On May 17, 2017, the Occupational Safety and Health Administration (OSHA) announced that it was not accepting electronic submissions of illness and injury data, and planned to propose delaying the current July 1, 2017 start date.  The rule would have required certain employers to submit injury and illness data to OSHA electronically, which then could be made available publicly on the agency’s website.  There are lawsuits pending challenging the requirement.

OSHA Withdraws Interpretation Letter Allowing Non-Union Workers to Designate a Representative During an Inspection

OSHA has withdrawn a February 21, 2013 interpretation letter that allowed a non-union employee to designate a person affiliated with a union or community organization to act as the employee’s personal representative during an OSHA inspection or walkaround.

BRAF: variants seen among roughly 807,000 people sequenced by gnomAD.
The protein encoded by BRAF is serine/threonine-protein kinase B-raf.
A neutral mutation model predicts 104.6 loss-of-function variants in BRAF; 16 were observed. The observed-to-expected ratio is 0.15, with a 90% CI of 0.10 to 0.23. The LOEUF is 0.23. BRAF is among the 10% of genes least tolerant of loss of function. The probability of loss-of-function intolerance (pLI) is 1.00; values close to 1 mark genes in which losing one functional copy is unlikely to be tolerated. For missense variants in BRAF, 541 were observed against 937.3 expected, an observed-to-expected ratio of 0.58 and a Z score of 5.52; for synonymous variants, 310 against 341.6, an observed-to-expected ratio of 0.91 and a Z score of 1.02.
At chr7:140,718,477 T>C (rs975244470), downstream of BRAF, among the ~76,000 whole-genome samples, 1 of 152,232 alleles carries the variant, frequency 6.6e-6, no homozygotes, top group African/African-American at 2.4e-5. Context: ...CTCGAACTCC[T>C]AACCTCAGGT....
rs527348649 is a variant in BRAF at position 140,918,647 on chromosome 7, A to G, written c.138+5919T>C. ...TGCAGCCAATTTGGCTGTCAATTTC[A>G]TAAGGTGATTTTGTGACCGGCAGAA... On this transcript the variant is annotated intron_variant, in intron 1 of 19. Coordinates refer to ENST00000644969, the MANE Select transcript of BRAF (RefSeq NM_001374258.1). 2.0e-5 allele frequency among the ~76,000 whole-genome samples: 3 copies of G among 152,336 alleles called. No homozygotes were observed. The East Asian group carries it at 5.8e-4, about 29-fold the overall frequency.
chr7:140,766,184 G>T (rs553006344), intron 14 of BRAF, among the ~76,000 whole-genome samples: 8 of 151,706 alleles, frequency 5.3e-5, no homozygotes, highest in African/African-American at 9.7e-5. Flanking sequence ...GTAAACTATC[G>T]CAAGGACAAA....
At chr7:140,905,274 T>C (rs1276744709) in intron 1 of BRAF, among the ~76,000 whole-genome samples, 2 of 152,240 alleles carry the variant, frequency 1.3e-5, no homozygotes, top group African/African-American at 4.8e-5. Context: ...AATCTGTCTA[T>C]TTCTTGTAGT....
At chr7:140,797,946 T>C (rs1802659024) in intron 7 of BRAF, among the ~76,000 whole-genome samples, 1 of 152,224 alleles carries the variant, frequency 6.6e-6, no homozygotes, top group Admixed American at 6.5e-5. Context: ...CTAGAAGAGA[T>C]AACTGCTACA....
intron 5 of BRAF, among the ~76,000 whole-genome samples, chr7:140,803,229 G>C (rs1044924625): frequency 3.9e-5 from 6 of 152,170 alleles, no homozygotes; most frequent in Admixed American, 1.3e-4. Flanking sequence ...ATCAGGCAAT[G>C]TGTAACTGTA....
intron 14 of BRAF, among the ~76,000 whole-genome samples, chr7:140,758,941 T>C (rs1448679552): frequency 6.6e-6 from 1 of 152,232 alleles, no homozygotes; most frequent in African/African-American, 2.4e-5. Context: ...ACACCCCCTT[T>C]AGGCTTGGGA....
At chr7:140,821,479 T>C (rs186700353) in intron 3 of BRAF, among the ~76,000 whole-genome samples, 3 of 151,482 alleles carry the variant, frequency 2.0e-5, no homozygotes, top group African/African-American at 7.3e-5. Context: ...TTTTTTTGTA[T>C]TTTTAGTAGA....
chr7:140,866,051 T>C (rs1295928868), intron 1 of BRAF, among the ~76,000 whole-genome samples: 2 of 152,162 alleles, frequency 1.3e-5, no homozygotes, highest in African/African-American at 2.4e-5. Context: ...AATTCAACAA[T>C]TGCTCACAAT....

“Fiduciary Rule” Becomes Effective June 9, 2017

Labor Secretary Alexander Acosta has confirmed that the Department of Labor will not further delay the new rule requiring financial advisors to act in the best interests of their clients in retirement accounts.  Known as the “Fiduciary Rule,” the regulation was postponed as part of President Trump’s 60-day freeze on all newly enacted regulations to reassess them.  Secretary Acosta found no reason to continue to delay the Fiduciary Rule, which will go into effect on June 9, 2017.

DOL’s State Retirement Plan Regulations Repealed

On May 17, 2017, President Trump signed a resolution to repeal the Department of Labor’s regulation to help states establish government-run retirement accounts for employees who do not have access to employer-sponsored retirement plans.  The regulation exempted states from ERISA requirements.  After the original regulation was enacted, California created a rule providing for a state-run retirement plan, which was supposed to take effect in 2018 or 2019.  California officials have vowed to plow ahead with its plan, but it may be up to the courts to determine whether it is lawful.